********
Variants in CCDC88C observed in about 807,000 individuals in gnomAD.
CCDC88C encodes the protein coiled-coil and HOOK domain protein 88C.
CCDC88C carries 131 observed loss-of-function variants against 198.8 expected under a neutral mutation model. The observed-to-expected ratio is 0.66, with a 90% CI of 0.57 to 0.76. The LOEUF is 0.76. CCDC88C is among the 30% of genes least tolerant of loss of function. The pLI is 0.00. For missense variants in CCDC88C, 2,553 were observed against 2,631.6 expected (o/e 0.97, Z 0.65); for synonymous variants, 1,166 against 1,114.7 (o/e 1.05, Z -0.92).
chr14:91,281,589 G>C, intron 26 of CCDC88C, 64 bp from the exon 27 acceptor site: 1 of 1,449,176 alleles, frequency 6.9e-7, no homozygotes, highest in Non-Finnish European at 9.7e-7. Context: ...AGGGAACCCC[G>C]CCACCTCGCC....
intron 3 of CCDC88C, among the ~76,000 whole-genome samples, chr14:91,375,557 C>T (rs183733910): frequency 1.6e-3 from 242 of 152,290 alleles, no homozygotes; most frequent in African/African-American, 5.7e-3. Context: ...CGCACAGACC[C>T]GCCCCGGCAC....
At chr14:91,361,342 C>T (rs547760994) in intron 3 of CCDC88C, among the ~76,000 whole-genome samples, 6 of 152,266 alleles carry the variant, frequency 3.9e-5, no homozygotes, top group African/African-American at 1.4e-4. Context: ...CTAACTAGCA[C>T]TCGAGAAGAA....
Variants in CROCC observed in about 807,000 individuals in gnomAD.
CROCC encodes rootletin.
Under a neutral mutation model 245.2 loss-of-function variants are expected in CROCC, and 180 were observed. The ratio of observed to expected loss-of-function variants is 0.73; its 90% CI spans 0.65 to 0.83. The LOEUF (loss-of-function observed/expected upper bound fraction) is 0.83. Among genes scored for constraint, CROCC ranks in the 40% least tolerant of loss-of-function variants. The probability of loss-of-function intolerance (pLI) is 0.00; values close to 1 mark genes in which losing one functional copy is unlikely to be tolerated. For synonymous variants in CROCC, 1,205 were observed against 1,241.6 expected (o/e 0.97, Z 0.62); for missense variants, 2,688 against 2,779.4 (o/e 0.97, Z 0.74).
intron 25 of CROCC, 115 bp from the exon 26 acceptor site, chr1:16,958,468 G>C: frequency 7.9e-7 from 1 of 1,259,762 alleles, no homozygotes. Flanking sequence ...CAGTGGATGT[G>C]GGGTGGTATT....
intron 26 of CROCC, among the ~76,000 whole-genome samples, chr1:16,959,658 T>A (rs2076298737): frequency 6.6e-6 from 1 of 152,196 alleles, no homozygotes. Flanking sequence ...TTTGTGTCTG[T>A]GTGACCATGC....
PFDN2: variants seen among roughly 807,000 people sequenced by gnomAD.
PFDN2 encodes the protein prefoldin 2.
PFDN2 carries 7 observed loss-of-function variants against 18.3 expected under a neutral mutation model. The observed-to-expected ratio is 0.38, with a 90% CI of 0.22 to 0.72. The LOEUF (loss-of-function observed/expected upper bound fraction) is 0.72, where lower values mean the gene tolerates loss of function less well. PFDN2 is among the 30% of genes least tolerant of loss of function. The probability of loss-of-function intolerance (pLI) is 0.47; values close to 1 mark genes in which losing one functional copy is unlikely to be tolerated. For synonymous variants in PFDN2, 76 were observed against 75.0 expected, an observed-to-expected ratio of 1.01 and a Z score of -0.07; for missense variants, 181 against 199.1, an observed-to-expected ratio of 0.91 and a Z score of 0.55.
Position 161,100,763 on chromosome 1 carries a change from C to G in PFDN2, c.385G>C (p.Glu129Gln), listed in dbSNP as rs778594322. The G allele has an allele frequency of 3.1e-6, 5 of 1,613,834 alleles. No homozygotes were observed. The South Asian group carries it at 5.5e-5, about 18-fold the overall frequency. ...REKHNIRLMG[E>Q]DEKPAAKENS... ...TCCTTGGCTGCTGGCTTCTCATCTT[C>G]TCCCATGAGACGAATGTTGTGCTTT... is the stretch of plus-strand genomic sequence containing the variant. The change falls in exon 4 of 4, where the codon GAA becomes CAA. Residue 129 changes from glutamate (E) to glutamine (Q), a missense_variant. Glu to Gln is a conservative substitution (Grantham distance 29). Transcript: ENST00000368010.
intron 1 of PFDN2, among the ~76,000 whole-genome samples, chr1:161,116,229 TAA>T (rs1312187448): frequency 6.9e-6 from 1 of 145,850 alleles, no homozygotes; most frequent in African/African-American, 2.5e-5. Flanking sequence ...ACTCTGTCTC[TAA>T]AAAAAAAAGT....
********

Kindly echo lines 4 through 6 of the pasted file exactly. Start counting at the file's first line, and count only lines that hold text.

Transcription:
chr14:91,281,589 G>C, intron 26 of CCDC88C, 64 bp from the exon 27 acceptor site: 1 of 1,449,176 alleles, frequency 6.9e-7, no homozygotes, highest in Non-Finnish European at 9.7e-7. Context: ...AGGGAACCCC[G>C]CCACCTCGCC....
intron 3 of CCDC88C, among the ~76,000 whole-genome samples, chr14:91,375,557 C>T (rs183733910): frequency 1.6e-3 from 242 of 152,290 alleles, no homozygotes; most frequent in African/African-American, 5.7e-3. Context: ...CGCACAGACC[C>T]GCCCCGGCAC....
At chr14:91,361,342 C>T (rs547760994) in intron 3 of CCDC88C, among the ~76,000 whole-genome samples, 6 of 152,266 alleles carry the variant, frequency 3.9e-5, no homozygotes, top group African/African-American at 1.4e-4. Context: ...CTAACTAGCA[C>T]TCGAGAAGAA....